It is clearly apparent that sensitive skin has an intermediate microbiota in terms of diversity and composition (Figure 2). This central position of the sensitive skin microbiota between skin microbiota without sensitive skin below and above 50 years old leads us to associate sensitive skin syndrome with a premature ageing of the skin.


Figure 2. Skin microbiota composition at genus level for NS, Sensitive and NS-S groups (genera > 0.70 %).  NS = non-sensitive skin group (61 women, mean age 36.0); Sensitive = sensitive skin group (44 women, mean age 37.4); NS-S = non-sensitive skin senior group (23 women, mean age 59.2).

Finally, women with sensitive skin were enrolled in a double blind and placebo controlled clinical study. The cohort was split into two groups that had to apply a formula on their faces containing either an extract of the micro-algae Phaeodactylum tricornutum at 3% or a placebo, twice a day for 28 days. This extract called Sensityl™ was selected on the basis of its in-vitro activities: inhibition of immune cell recruitment and transmigration, reduction of pro-inflammatory signal (IL-8 inhibition), reduction of pain sensation (TRPV1 expression) and control of microbial proliferation (β-Defensin 2 release). During the clinical test a clear improvement of sensitive skin syndrome was reported: compared to the placebo, Sensityl™ at 3% significantly reduces skin irritation and enables a significant improvement of skin reactivity. Moreover, regarding skin microbiota composition, Sensityl™ at 3% provides a protective effect by stabilising: 

  • the diversity of sensitive skin microbiota;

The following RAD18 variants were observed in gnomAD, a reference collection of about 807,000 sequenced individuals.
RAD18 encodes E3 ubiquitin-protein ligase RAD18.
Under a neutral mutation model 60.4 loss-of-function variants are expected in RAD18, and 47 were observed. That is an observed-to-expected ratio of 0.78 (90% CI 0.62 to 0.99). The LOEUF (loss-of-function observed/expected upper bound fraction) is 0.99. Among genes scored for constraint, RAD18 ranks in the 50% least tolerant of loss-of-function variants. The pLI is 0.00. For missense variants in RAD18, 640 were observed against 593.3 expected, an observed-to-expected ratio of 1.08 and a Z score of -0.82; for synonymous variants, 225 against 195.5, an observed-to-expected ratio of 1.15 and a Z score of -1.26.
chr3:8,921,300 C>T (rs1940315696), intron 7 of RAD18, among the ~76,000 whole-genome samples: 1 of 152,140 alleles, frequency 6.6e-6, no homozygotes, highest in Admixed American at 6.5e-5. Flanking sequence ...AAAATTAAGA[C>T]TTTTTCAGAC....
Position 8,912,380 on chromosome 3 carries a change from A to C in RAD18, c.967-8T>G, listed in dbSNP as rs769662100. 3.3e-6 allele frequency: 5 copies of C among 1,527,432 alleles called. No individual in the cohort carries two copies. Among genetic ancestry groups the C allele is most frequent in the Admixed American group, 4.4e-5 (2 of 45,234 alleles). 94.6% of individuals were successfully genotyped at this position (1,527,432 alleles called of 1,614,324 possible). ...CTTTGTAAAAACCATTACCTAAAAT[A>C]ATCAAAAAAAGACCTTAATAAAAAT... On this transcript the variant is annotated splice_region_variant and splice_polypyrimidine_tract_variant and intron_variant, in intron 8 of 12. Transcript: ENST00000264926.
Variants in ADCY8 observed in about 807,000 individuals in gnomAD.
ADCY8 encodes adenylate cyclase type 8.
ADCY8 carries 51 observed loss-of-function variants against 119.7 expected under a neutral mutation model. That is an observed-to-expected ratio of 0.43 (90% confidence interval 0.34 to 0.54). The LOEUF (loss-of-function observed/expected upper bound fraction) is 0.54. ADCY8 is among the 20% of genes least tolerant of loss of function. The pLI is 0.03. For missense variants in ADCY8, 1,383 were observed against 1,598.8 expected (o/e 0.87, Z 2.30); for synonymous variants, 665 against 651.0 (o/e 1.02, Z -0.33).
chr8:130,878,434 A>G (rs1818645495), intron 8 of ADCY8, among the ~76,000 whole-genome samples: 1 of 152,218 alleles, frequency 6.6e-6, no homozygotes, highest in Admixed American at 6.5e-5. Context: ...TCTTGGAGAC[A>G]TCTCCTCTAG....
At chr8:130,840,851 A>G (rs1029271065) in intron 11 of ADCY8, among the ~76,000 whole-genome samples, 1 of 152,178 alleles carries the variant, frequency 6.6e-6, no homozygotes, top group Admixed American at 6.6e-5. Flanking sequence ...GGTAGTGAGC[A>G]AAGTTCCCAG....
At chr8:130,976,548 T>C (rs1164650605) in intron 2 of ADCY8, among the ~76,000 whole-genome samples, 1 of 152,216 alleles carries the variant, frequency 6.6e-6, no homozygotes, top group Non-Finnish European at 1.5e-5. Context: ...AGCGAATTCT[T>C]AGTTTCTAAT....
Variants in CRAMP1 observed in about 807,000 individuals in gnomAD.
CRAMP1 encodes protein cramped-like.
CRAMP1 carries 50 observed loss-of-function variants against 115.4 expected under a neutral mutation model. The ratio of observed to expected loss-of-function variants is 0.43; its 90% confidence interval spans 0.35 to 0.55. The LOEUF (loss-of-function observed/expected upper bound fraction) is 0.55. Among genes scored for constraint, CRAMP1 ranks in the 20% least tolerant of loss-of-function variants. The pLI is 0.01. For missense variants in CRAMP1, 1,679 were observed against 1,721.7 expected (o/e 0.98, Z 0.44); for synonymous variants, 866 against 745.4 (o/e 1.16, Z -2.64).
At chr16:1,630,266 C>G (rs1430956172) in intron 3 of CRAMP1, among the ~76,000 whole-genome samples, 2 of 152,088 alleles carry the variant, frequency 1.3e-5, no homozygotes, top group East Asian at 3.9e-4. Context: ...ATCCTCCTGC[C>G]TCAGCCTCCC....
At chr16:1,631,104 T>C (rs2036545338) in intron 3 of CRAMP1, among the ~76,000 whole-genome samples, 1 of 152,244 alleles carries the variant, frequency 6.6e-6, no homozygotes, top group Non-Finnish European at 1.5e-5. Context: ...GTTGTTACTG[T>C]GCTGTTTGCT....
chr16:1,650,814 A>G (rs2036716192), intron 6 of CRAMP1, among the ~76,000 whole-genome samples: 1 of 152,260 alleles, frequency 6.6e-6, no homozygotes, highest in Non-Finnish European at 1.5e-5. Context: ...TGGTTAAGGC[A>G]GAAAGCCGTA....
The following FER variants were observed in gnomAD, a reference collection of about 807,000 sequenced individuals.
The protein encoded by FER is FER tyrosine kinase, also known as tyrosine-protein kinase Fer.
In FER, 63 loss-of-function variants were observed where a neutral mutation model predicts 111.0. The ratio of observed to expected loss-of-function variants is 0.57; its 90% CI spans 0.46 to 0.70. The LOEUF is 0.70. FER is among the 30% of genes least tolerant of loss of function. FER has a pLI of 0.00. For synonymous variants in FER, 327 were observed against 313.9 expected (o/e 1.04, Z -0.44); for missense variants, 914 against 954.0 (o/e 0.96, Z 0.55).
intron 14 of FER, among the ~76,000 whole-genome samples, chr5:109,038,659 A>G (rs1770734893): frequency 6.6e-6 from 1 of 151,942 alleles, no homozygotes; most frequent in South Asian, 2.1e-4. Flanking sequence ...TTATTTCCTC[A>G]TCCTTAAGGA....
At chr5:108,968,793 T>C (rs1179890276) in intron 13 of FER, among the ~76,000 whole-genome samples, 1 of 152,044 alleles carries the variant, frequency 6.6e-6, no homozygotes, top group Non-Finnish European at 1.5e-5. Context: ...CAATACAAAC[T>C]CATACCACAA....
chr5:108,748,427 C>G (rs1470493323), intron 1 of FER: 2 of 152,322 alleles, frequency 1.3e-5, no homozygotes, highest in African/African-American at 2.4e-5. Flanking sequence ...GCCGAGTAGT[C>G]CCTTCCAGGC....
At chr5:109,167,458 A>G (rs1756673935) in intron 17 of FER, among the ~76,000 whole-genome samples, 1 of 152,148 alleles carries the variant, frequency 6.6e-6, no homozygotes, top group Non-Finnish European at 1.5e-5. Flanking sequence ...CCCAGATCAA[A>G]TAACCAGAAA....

• the relative abundance of the Firmicutes phylum (Table 1) and the Cutibacterium genus.

The active application also leads to: 

  • a significant increase in the relative abundance of the Actinobacteria phylum (Table 1) 

  • a significant decrease in the Corynebacterium genus proportion. 

Thus, thanks to the application of 3% Sensityl™, the skin microbiota of sensitive skin partly converges toward a microbiota of non-sensitive skin. 

Thanks to a non-verbal neuroscience method designed to measure consumers’ moods and emotional responses to various stimuli, it was then proven that Sensityl™ is very effective emotionally, as it evokes a significantly higher number of positive emotions and significantly lower number of negative emotions than the placebo. Additionally, Sensityl™ application has generated a wider range of positive emotions, such as: sensuality, protection, happiness, appeasement and fortitude, than the placebo. 


Table 1. Skin microbiota evolution after 14 days of treatment (#p-value < 0.1; *p-value < 0.05).

Thanks to a DNA sequencing approach it was possible to demonstrate that sensitive skin has its own microbiota composition. The microbiota of sensitive skin shares several features with the skin microbiota of aged skin, regarding the diversity and the abundance of major bacteria. These common points could explain the existence of similar disorders between old skin and sensitive skin (e.g. dryness, impaired skin barrier function or inflammation status). Thus sensitive skin could be associated with premature ageing of the skin. Finally, we showed that the application of the active ingredient Sensityl™ leads to an alleviation of the syndrome, by acting on the different manifestations of sensitive skin syndrome: inflammation, skin reactivity, skin irritation and skin microbiota composition. As a consequence, it even acts on improving people’ moods.


Givaudan France SAS, Active Beauty | France